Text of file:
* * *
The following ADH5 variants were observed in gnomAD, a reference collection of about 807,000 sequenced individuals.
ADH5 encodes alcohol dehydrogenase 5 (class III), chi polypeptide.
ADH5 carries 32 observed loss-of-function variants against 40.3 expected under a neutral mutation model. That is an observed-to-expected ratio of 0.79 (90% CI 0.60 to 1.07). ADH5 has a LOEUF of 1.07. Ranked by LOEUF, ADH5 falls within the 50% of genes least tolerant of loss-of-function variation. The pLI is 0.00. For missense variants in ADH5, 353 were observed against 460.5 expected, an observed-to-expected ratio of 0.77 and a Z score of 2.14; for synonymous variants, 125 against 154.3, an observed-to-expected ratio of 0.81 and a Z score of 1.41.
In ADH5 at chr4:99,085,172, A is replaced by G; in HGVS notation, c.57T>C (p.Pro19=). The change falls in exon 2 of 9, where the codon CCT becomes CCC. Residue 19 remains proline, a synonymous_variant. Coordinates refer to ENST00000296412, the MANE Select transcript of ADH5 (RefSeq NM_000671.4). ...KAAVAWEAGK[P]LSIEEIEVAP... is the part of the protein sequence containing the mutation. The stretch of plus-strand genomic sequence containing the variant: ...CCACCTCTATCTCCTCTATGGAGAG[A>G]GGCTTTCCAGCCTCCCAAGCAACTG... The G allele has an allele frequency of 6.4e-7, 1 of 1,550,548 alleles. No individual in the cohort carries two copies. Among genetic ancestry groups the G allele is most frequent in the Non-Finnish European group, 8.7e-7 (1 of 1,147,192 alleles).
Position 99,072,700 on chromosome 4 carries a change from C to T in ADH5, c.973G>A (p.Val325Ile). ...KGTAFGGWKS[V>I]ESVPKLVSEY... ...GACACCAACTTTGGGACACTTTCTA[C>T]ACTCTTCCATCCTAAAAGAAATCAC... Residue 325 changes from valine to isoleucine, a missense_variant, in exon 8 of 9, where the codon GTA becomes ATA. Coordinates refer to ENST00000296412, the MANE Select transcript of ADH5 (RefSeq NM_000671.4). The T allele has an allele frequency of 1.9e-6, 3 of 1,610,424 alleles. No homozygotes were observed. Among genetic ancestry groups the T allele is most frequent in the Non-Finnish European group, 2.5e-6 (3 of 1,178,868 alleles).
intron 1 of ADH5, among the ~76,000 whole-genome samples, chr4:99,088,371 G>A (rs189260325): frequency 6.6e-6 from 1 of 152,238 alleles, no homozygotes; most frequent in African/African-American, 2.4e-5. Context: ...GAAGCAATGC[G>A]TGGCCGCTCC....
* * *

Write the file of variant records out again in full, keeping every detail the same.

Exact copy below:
The following ADH5 variants were observed in gnomAD, a reference collection of about 807,000 sequenced individuals.
ADH5 encodes alcohol dehydrogenase 5 (class III), chi polypeptide.
ADH5 carries 32 observed loss-of-function variants against 40.3 expected under a neutral mutation model. That is an observed-to-expected ratio of 0.79 (90% CI 0.60 to 1.07). ADH5 has a LOEUF of 1.07. Ranked by LOEUF, ADH5 falls within the 50% of genes least tolerant of loss-of-function variation. The pLI is 0.00. For missense variants in ADH5, 353 were observed against 460.5 expected, an observed-to-expected ratio of 0.77 and a Z score of 2.14; for synonymous variants, 125 against 154.3, an observed-to-expected ratio of 0.81 and a Z score of 1.41.
In ADH5 at chr4:99,085,172, A is replaced by G; in HGVS notation, c.57T>C (p.Pro19=). The change falls in exon 2 of 9, where the codon CCT becomes CCC. Residue 19 remains proline, a synonymous_variant. Coordinates refer to ENST00000296412, the MANE Select transcript of ADH5 (RefSeq NM_000671.4). ...KAAVAWEAGK[P]LSIEEIEVAP... is the part of the protein sequence containing the mutation. The stretch of plus-strand genomic sequence containing the variant: ...CCACCTCTATCTCCTCTATGGAGAG[A>G]GGCTTTCCAGCCTCCCAAGCAACTG... The G allele has an allele frequency of 6.4e-7, 1 of 1,550,548 alleles. No individual in the cohort carries two copies. Among genetic ancestry groups the G allele is most frequent in the Non-Finnish European group, 8.7e-7 (1 of 1,147,192 alleles).
Position 99,072,700 on chromosome 4 carries a change from C to T in ADH5, c.973G>A (p.Val325Ile). ...KGTAFGGWKS[V>I]ESVPKLVSEY... ...GACACCAACTTTGGGACACTTTCTA[C>T]ACTCTTCCATCCTAAAAGAAATCAC... Residue 325 changes from valine to isoleucine, a missense_variant, in exon 8 of 9, where the codon GTA becomes ATA. Coordinates refer to ENST00000296412, the MANE Select transcript of ADH5 (RefSeq NM_000671.4). The T allele has an allele frequency of 1.9e-6, 3 of 1,610,424 alleles. No homozygotes were observed. Among genetic ancestry groups the T allele is most frequent in the Non-Finnish European group, 2.5e-6 (3 of 1,178,868 alleles).
intron 1 of ADH5, among the ~76,000 whole-genome samples, chr4:99,088,371 G>A (rs189260325): frequency 6.6e-6 from 1 of 152,238 alleles, no homozygotes; most frequent in African/African-American, 2.4e-5. Context: ...GAAGCAATGC[G>A]TGGCCGCTCC....